The conduct that is the basis of these crimes stems from Sabourin’s alleged pursuit of Baldwin that including texting her love for the “30 Rock” actor as well as a desire to have his child. Compounding matters, it is alleged that Sabourin went to Baldwin’s home in Manhattan where she hoped to make further contact. This is not the first time law enforcement claims that Sabourin chased Jack Ryan as she recently tried to engage the actor at his Hamptons home.

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Although it is not codified in the New York Penal Law, being a moron, putz or schmuck is arguably a damn serious offense and an epidemic plaguing many communities. If the allegations against Jordan Brooks Amos are true, then he should be thrilled that being an idiot is not a crime. According to the Web Crims, as well as many media outlets, Amos, a possible member of the 99% and Occupy Wall Street, really showed JP Morgan Chase who is boss. Well, at least he made some poor maintenance men and women who work at JP Morgan miserable and unhappy when he allegedly dumped a large bucket of urine and feces inside a ATM station in lower Manhattan. That’ll show the “fat cats,” Amos!

While I sometimes go off track with my blog, the purpose is not to comment on political groups, opinions or leaders. In my years as a Manhattan prosecutor and New York criminal defense attorney, I have certainly had the opportunity to form or articulate opinions. Here, however, I try to stick to the evidence (or lack thereof) and law. Whether Amos and his alleged cronies are members of #OWS or #IMAJERK is fairly irrelevant. If true, poring human waste in a place where regular working people go to access their money to pay bills and entry level or corporate employs go to work to support their families is just, well, stupid regardless of your political agenda.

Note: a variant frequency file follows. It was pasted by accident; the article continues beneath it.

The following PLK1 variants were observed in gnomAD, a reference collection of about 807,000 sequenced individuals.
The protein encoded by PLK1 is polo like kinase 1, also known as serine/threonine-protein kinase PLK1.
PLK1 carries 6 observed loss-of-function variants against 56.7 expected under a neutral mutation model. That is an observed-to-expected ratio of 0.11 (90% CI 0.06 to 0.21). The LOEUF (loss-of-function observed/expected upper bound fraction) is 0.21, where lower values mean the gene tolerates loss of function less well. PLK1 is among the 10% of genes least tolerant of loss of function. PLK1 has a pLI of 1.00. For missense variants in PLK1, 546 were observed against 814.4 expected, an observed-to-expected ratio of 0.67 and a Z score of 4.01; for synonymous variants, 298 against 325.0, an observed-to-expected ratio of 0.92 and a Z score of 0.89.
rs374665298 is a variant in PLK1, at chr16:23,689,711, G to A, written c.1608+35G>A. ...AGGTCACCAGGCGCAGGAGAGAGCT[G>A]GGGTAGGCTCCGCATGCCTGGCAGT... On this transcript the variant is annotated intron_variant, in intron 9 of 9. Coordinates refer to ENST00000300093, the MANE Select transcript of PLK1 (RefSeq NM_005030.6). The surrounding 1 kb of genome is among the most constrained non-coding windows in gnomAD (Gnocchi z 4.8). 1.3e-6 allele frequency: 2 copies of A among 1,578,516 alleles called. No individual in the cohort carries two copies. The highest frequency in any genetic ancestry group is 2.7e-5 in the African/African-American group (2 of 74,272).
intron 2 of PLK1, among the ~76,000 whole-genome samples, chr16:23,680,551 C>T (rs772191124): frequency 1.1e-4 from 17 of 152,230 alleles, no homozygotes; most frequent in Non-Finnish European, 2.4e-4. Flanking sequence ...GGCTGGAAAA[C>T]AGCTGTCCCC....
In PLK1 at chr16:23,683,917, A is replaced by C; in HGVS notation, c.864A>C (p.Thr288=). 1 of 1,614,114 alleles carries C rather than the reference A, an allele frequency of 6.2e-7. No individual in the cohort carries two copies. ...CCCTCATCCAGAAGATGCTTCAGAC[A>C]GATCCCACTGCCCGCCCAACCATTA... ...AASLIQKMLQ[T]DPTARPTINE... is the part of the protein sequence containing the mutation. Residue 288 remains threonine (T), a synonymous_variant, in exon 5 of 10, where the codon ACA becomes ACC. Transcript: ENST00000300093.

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Did Meredith Graves get a “good deal” from Manhattan District Attorney Cyrus Vance, Jr. after she accepted his misdemeanor non-jail plea bargain? Did DA Vance do the “right thing” in offering a non-felony plea? Certainly, the technical answer to both of these questions is an unequivocal “yes.” After all, it is not as if Graves, a registered nurse and fourth year medical student, had a legal defense. She could not argue the police lacked probable cause to arrest her or that the firearm in her possession was recovered as a product of an illegal search. Further, as we all know, ignorance of the law is no defense. The practical reality was that other than mitigation, no other true defense existed. In a case such as this, getting prosecutors to deviate down from a mandatory three and one half year sentence on a felony to no incarceration on a misdemeanor is significant.